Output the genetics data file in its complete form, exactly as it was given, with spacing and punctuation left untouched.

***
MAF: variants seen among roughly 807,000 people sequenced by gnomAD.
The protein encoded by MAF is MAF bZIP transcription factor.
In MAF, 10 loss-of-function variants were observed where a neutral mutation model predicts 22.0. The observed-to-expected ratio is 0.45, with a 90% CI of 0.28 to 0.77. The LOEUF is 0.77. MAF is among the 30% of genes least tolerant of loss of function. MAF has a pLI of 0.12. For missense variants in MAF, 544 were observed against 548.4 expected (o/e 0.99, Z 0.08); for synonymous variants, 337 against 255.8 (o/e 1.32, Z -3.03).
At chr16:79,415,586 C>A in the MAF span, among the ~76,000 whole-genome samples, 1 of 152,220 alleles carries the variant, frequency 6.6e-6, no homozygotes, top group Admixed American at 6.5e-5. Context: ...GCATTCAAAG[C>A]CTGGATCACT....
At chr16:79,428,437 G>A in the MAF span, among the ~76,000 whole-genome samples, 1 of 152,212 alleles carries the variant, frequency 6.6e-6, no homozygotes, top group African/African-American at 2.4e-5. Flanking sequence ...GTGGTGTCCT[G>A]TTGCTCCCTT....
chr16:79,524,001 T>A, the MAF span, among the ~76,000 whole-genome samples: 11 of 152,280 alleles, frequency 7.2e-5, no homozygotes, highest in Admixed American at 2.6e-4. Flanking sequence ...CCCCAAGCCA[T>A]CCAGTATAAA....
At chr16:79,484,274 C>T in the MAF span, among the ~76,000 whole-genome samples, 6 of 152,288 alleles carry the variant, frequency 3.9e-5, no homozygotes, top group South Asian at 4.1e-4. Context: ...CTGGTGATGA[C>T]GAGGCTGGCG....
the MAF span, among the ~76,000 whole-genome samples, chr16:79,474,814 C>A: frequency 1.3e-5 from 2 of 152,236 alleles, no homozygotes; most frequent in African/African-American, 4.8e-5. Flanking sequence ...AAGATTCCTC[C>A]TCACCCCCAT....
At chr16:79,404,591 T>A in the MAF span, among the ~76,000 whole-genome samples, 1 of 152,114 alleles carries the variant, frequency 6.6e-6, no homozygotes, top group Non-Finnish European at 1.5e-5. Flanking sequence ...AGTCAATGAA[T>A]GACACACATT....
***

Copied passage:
MAF: variants seen among roughly 807,000 people sequenced by gnomAD.
The protein encoded by MAF is MAF bZIP transcription factor.
In MAF, 10 loss-of-function variants were observed where a neutral mutation model predicts 22.0. The observed-to-expected ratio is 0.45, with a 90% CI of 0.28 to 0.77. The LOEUF is 0.77. MAF is among the 30% of genes least tolerant of loss of function. MAF has a pLI of 0.12. For missense variants in MAF, 544 were observed against 548.4 expected (o/e 0.99, Z 0.08); for synonymous variants, 337 against 255.8 (o/e 1.32, Z -3.03).
At chr16:79,415,586 C>A in the MAF span, among the ~76,000 whole-genome samples, 1 of 152,220 alleles carries the variant, frequency 6.6e-6, no homozygotes, top group Admixed American at 6.5e-5. Context: ...GCATTCAAAG[C>A]CTGGATCACT....
At chr16:79,428,437 G>A in the MAF span, among the ~76,000 whole-genome samples, 1 of 152,212 alleles carries the variant, frequency 6.6e-6, no homozygotes, top group African/African-American at 2.4e-5. Flanking sequence ...GTGGTGTCCT[G>A]TTGCTCCCTT....
chr16:79,524,001 T>A, the MAF span, among the ~76,000 whole-genome samples: 11 of 152,280 alleles, frequency 7.2e-5, no homozygotes, highest in Admixed American at 2.6e-4. Flanking sequence ...CCCCAAGCCA[T>A]CCAGTATAAA....
At chr16:79,484,274 C>T in the MAF span, among the ~76,000 whole-genome samples, 6 of 152,288 alleles carry the variant, frequency 3.9e-5, no homozygotes, top group South Asian at 4.1e-4. Context: ...CTGGTGATGA[C>T]GAGGCTGGCG....
the MAF span, among the ~76,000 whole-genome samples, chr16:79,474,814 C>A: frequency 1.3e-5 from 2 of 152,236 alleles, no homozygotes; most frequent in African/African-American, 4.8e-5. Flanking sequence ...AAGATTCCTC[C>A]TCACCCCCAT....
At chr16:79,404,591 T>A in the MAF span, among the ~76,000 whole-genome samples, 1 of 152,114 alleles carries the variant, frequency 6.6e-6, no homozygotes, top group Non-Finnish European at 1.5e-5. Flanking sequence ...AGTCAATGAA[T>A]GACACACATT....